Memorandum of Conversation, by the Director of the Office of European Affairs (Dunn)

Mr. Michael Wright of the British Embassy came in this morning for the purpose of informing the Department that on the occasion of the visit to London within the next few days of Mr. Massigli,76 Commissioner for Foreign Affairs in the French Committee, the British Government expects to take up with him questions now outstanding between the British Government and the French particularly with respect to the Levant.77 The British Government expects to have a general survey of the relationships between the French and the British and will expect to inform the United States and Soviet Governments of the conversations held with Massigli.

I told Mr. Wright that yesterday at a chance meeting with Mr. Alphand78 the latter had stated that he was proceeding to London today or tomorrow to be present at the signing of the agreements on civil administration in France and related matters,79 and that he expected thereafter to return immediately to Washington for the purpose of initiating negotiations with regard to lend-lease and mutual aid with respect to Continental France.80 Mr. Alphand said that he expected to take up also with the American Government other questions such as the participation of the French in questions related to Germany and the occupation of that country, and some other questions in the relationship between the French authorities and the United States Government. I said that I had told Mr. Alphand that we had received authorization to discuss civil affairs and connected matters with the French Committee of National Liberation, but that we had no authorization otherwise to deal with them on other than questions with regard to the administration in France and the relationship [Page 86] of the Allied forces thereto. I also said that questions related to the surrender and post-surrender treatment of Germany were being dealt with in the European Advisory Commission, and that that Commission was empowered to make and was making arrangements with a view to informing the other United Nations in Europe interested in the German questions of developments along that line, and the Commission would give the other United Nations most directly concerned an opportunity to state their views and comments on the question of Germany and the other enemy states in Europe. I said that the French authorities would be included in this arrangement for discussion of the matter, and that as I saw it now, the relationships with the Committee and under the arrangements which we had just arrived at in Washington with respect to the civil administration in France we felt that the French had every reason to believe that they would be included in at least informal discussions of matters concerning them, but that it was not possible for this Government to deal with the Committee as a Government of France. I said further that we thought the French Committee had been and was unduly apprehensive of the policies and attitude of this Government with regard to the position of France in the future, and that we were most anxious that France should take its proper place in the future developments in Europe and in the world.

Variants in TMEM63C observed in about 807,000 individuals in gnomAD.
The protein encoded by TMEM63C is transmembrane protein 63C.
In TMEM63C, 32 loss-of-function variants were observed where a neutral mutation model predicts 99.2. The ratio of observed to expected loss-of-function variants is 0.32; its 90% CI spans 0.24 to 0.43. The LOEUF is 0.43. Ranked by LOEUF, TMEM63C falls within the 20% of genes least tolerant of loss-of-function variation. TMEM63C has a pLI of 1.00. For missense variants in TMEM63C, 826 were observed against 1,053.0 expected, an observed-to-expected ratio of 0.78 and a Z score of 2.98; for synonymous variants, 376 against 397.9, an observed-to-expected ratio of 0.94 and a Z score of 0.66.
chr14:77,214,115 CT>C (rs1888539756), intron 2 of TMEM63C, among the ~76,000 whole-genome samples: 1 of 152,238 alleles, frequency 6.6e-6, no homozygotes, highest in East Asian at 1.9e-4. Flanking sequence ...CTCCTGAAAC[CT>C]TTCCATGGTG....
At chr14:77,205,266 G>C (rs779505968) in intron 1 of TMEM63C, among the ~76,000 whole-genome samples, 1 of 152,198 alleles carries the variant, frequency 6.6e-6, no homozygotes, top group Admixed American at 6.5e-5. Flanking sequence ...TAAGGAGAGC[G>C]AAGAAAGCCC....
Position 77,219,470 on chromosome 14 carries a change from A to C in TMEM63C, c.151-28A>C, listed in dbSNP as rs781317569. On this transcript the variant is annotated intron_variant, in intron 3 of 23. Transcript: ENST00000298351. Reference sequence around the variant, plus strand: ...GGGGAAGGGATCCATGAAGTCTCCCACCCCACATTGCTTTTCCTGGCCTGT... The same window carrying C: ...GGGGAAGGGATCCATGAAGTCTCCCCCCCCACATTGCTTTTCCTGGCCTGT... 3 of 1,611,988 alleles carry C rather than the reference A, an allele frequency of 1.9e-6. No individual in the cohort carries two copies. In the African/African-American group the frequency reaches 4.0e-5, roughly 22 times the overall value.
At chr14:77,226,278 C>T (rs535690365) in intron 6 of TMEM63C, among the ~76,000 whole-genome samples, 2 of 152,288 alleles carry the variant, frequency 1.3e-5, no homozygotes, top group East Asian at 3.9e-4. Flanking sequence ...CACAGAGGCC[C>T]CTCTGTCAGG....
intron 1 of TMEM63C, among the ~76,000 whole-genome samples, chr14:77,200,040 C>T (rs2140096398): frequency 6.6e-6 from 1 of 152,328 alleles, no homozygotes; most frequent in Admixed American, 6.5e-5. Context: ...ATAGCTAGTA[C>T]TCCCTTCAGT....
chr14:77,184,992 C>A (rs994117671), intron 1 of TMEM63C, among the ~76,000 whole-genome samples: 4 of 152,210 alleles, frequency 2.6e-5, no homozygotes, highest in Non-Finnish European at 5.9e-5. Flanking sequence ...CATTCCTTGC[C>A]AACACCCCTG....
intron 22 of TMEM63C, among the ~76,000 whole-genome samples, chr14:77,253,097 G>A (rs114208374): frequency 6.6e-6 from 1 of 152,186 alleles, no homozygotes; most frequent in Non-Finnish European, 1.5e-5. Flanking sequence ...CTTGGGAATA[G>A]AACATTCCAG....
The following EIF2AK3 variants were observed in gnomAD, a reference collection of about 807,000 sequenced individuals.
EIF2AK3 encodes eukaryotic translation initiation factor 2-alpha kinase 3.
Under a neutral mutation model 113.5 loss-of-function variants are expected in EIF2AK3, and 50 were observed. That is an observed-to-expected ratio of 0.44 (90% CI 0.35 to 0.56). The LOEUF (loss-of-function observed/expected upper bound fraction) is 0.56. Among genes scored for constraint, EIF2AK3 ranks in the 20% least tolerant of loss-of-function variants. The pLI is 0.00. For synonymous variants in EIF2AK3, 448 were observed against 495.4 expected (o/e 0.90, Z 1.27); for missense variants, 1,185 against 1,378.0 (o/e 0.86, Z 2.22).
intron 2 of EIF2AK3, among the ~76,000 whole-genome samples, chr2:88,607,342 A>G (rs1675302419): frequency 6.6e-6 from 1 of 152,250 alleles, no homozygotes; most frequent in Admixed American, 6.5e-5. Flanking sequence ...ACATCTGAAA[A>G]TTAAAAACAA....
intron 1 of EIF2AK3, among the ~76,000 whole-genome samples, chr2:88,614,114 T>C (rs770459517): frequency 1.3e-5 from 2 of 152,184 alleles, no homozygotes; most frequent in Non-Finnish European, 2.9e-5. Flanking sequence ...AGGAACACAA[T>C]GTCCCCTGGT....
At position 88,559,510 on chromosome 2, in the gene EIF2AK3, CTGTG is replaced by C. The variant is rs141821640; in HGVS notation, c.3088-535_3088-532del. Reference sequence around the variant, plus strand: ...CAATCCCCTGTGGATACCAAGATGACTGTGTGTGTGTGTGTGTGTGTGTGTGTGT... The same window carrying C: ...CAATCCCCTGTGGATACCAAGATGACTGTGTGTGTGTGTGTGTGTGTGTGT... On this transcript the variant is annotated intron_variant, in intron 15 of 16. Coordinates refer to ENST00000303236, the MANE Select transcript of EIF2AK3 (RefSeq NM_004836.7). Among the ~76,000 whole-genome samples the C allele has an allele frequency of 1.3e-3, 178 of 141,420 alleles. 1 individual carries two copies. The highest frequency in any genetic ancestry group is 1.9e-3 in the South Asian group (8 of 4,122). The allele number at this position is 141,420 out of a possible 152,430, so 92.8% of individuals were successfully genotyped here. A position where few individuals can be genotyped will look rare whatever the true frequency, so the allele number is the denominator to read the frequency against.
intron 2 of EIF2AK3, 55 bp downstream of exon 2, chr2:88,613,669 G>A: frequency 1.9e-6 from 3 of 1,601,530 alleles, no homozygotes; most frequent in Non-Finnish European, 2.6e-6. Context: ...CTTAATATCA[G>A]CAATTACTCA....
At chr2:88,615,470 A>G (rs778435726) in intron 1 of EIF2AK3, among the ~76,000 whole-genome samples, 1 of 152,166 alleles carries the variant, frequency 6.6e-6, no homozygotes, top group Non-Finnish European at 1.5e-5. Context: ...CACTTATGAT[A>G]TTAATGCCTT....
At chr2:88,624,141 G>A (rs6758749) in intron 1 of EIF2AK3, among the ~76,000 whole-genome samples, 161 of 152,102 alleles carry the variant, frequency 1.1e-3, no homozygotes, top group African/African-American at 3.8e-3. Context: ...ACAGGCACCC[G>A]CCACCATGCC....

I told all this to Mr. Wright because we have had indications that Mr. Eden81 expects to make promises to the Committee that they will be brought into discussions of postwar arrangements in Europe and the indications we have had are to the effect that Mr. Eden will probably go much farther in making promises to the French Committee than this Government would be willing to join in.

James Clement Dunn
  1. René Massigli, Commissioner for Foreign Affairs in the French Committee of National Liberation, became Minister for Foreign Affairs on September 7, 1944, and French Ambassador at London on September 11, 1944.
  2. For correspondence regarding recognition by the United States of the independence of Syria and Lebanon and the U.S. attitude on the question of treaty relations between those countries and France, see vol. v, pp. 774 ff.
  3. Hervé Alphand, Director of Economic Affairs in the Commission for Foreign Affairs of the French Committee of National Liberation.
  4. For correspondence regarding the concern of the United States over civil administration of France immediately following liberation from the Germans, see vol. iii, pp. 634 ff.
  5. For correspondence regarding negotiations between the United States and France for a general Lend-Lease agreement to cover all French territories, see ibid., pp. 748 ff.
  6. Anthony Eden, British Secretary of State for Foreign Affairs.